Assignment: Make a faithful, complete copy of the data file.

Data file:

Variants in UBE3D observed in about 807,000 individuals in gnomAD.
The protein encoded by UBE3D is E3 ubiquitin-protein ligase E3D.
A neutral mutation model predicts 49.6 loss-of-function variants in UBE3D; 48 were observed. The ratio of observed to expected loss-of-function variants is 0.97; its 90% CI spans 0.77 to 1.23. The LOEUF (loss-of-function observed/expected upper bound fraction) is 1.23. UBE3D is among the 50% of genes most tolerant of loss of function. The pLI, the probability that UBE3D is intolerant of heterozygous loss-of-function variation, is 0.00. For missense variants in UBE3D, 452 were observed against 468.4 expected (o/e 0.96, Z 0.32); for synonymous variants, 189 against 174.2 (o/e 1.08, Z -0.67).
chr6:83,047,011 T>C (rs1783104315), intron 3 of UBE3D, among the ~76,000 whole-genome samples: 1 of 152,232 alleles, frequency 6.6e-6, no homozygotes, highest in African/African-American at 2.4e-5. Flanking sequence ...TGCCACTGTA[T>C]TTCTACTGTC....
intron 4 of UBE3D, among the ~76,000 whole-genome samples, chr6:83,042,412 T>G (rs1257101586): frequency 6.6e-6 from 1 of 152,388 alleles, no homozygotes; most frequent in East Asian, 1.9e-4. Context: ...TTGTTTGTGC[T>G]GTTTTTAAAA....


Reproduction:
Variants in UBE3D observed in about 807,000 individuals in gnomAD.
The protein encoded by UBE3D is E3 ubiquitin-protein ligase E3D.
A neutral mutation model predicts 49.6 loss-of-function variants in UBE3D; 48 were observed. The ratio of observed to expected loss-of-function variants is 0.97; its 90% CI spans 0.77 to 1.23. The LOEUF (loss-of-function observed/expected upper bound fraction) is 1.23. UBE3D is among the 50% of genes most tolerant of loss of function. The pLI, the probability that UBE3D is intolerant of heterozygous loss-of-function variation, is 0.00. For missense variants in UBE3D, 452 were observed against 468.4 expected (o/e 0.96, Z 0.32); for synonymous variants, 189 against 174.2 (o/e 1.08, Z -0.67).
chr6:83,047,011 T>C (rs1783104315), intron 3 of UBE3D, among the ~76,000 whole-genome samples: 1 of 152,232 alleles, frequency 6.6e-6, no homozygotes, highest in African/African-American at 2.4e-5. Flanking sequence ...TGCCACTGTA[T>C]TTCTACTGTC....
intron 4 of UBE3D, among the ~76,000 whole-genome samples, chr6:83,042,412 T>G (rs1257101586): frequency 6.6e-6 from 1 of 152,388 alleles, no homozygotes; most frequent in East Asian, 1.9e-4. Context: ...TTGTTTGTGC[T>G]GTTTTTAAAA....